An even worse one is FUK (Fukuoka, Japan):
There's JFK and ORD, and then there's SUX
Dan Kaplan, president of Sioux Gateway Airport's Board of Trustees in Sioux City, Iowa, displays a "Fly SUX" T-shirt during a luncheon before Frontier Airline's first flight from Denver to Sioux City on Oct. 5. City leaders have had a change of heart about the airport's unflattering three-letter identifier-- SUX. Instead of trying to change the code, which is used by pilots and airports worldwide and printed on tickets and luggage tags, officials made SUX the centerpiece of a new marketing campaign.'' (Associated Press / October 5, 2007)
6:34 AM CDT, October 22, 2007
SIOUX CITY, Iowa - City leaders have scrapped plans to do away with the Sioux Gateway Airport's unflattering three-letter identifier -- SUX -- and instead have made it the centerpiece of the airport's new marketing campaign.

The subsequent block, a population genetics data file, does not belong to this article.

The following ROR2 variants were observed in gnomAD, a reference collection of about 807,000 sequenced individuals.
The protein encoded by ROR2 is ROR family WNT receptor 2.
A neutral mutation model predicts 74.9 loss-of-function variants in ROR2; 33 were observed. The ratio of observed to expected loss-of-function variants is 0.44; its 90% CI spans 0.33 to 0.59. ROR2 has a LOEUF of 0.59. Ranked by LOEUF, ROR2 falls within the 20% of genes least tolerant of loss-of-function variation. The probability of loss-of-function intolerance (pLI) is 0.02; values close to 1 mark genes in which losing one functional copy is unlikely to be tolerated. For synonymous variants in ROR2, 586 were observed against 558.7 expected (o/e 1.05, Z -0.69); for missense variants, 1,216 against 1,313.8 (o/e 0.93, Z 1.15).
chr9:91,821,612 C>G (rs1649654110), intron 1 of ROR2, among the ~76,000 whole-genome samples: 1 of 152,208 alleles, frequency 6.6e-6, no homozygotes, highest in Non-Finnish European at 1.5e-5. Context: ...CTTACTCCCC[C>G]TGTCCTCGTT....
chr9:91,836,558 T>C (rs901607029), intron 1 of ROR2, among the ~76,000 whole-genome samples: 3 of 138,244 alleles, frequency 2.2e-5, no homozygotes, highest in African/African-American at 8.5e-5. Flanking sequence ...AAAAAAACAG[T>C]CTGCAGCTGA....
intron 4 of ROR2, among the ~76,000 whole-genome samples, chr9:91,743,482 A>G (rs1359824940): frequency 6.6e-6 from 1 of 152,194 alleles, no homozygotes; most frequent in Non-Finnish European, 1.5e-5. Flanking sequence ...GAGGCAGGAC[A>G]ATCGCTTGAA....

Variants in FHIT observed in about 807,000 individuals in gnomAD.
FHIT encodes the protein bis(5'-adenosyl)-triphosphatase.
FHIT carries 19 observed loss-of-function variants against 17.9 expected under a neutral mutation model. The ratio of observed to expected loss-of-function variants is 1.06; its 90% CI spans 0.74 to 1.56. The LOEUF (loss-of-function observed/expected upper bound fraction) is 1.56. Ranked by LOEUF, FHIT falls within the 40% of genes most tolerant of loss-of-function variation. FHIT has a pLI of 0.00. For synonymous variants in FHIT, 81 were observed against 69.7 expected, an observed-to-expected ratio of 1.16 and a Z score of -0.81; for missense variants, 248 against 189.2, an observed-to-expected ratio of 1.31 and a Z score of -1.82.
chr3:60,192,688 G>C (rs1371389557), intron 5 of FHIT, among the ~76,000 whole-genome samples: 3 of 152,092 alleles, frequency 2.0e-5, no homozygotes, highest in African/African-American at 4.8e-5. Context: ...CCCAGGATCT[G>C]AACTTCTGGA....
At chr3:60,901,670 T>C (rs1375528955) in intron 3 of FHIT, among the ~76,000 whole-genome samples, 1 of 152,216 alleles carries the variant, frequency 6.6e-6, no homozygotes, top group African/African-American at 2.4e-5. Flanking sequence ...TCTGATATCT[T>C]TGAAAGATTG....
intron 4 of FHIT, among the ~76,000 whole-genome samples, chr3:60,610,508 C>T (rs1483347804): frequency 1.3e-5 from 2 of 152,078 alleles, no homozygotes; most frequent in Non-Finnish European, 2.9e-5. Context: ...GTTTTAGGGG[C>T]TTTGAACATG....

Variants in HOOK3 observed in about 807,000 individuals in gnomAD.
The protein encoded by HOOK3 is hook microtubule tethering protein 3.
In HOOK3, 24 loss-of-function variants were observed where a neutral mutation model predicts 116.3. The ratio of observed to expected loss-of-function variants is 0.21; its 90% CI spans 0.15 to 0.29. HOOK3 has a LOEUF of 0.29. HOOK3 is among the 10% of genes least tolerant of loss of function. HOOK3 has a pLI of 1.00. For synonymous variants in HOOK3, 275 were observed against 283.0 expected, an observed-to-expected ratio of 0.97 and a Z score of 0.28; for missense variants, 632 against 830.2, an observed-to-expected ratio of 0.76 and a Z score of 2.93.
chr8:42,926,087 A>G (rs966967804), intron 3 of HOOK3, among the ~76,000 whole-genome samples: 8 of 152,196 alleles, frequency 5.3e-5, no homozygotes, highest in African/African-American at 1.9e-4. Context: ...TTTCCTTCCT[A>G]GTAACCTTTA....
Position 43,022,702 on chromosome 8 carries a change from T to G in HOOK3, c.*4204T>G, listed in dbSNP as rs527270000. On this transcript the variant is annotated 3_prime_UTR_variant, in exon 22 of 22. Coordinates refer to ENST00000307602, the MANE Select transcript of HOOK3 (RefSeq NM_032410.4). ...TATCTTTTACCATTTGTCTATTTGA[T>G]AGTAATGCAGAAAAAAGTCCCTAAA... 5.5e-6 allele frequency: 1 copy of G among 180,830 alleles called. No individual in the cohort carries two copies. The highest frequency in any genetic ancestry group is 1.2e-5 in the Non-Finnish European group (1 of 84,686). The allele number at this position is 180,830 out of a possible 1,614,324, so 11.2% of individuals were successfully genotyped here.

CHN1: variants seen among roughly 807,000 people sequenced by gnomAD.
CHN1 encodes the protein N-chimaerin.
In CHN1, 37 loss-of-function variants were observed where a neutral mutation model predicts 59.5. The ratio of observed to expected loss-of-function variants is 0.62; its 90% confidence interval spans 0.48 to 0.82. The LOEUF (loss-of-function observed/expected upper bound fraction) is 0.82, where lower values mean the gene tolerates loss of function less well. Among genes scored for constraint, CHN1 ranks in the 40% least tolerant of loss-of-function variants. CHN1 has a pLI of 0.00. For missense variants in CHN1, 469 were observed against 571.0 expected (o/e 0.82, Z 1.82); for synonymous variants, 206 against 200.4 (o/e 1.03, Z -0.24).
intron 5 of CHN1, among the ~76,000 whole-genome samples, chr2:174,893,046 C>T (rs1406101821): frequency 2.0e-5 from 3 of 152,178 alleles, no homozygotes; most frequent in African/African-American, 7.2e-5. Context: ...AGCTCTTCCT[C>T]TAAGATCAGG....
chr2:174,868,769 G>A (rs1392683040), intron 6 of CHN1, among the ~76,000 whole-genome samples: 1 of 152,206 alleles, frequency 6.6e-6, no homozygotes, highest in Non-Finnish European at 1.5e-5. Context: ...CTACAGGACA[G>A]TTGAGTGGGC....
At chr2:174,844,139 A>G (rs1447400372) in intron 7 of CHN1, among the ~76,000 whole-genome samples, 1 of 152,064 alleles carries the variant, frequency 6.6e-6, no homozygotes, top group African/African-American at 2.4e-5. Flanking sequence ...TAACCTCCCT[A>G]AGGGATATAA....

The code, used by pilots and airports worldwide and printed on tickets and luggage tags, will be used on T-shirts and caps sporting the airport's new slogan, "FLY SUX." It also forms the address of the airport's redesigned Web site -- http://www.flysux.com.
Sioux City officials petitioned the Federal Aviation Administration to change the code in 1988 and 2002. At one point, the FAA offered the city five alternatives -- GWU, GYO, GYT, SGV and GAY -- but airport trustees turned them down.
Airport board member Dave Bernstein proposed embracing the identifier.
"Let's make the best of it," Bernstein said. "I think we have the opportunity to turn it into a positive."
He noted that many airports, including some of the busiest, have forgettable three-letter codes.
"I've got buddies that I went to college with in different cities that can't even remember their own birthdays, but they all know the Sioux City designator -- SUX," he said.
Mayor Craig Berenstein, who in 2002 described SUX as an "embarrassment" to the city, said he views the new slogan as a "cute little way" to make light of the situation.